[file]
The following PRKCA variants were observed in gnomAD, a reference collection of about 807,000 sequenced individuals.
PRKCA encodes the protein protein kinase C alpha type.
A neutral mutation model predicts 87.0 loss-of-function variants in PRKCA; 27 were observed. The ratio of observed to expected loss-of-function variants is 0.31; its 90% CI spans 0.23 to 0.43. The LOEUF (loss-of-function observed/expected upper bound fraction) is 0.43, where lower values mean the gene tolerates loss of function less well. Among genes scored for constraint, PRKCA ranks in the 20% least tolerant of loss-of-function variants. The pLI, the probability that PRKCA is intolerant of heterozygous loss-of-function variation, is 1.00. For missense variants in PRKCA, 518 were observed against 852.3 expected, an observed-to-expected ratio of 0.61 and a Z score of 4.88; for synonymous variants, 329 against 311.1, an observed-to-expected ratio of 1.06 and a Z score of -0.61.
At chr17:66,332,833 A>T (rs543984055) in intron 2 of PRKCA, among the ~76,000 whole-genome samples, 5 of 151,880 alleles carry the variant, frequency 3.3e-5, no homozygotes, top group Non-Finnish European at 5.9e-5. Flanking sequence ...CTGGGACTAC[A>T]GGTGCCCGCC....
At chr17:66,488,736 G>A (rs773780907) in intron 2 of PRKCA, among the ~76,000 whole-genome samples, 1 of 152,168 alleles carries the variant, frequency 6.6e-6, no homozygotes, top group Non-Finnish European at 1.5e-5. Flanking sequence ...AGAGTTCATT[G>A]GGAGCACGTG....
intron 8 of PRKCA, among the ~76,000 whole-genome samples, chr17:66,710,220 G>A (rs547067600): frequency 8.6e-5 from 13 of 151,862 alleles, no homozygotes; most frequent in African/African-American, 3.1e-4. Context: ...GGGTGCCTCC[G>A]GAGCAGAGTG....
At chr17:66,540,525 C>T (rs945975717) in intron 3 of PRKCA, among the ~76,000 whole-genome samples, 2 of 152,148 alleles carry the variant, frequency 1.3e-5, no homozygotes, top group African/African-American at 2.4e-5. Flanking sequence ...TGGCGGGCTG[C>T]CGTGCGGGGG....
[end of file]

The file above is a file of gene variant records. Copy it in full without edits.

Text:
The following PRKCA variants were observed in gnomAD, a reference collection of about 807,000 sequenced individuals.
PRKCA encodes the protein protein kinase C alpha type.
A neutral mutation model predicts 87.0 loss-of-function variants in PRKCA; 27 were observed. The ratio of observed to expected loss-of-function variants is 0.31; its 90% CI spans 0.23 to 0.43. The LOEUF (loss-of-function observed/expected upper bound fraction) is 0.43, where lower values mean the gene tolerates loss of function less well. Among genes scored for constraint, PRKCA ranks in the 20% least tolerant of loss-of-function variants. The pLI, the probability that PRKCA is intolerant of heterozygous loss-of-function variation, is 1.00. For missense variants in PRKCA, 518 were observed against 852.3 expected, an observed-to-expected ratio of 0.61 and a Z score of 4.88; for synonymous variants, 329 against 311.1, an observed-to-expected ratio of 1.06 and a Z score of -0.61.
At chr17:66,332,833 A>T (rs543984055) in intron 2 of PRKCA, among the ~76,000 whole-genome samples, 5 of 151,880 alleles carry the variant, frequency 3.3e-5, no homozygotes, top group Non-Finnish European at 5.9e-5. Flanking sequence ...CTGGGACTAC[A>T]GGTGCCCGCC....
At chr17:66,488,736 G>A (rs773780907) in intron 2 of PRKCA, among the ~76,000 whole-genome samples, 1 of 152,168 alleles carries the variant, frequency 6.6e-6, no homozygotes, top group Non-Finnish European at 1.5e-5. Flanking sequence ...AGAGTTCATT[G>A]GGAGCACGTG....
intron 8 of PRKCA, among the ~76,000 whole-genome samples, chr17:66,710,220 G>A (rs547067600): frequency 8.6e-5 from 13 of 151,862 alleles, no homozygotes; most frequent in African/African-American, 3.1e-4. Context: ...GGGTGCCTCC[G>A]GAGCAGAGTG....
At chr17:66,540,525 C>T (rs945975717) in intron 3 of PRKCA, among the ~76,000 whole-genome samples, 2 of 152,148 alleles carry the variant, frequency 1.3e-5, no homozygotes, top group African/African-American at 2.4e-5. Flanking sequence ...TGGCGGGCTG[C>T]CGTGCGGGGG....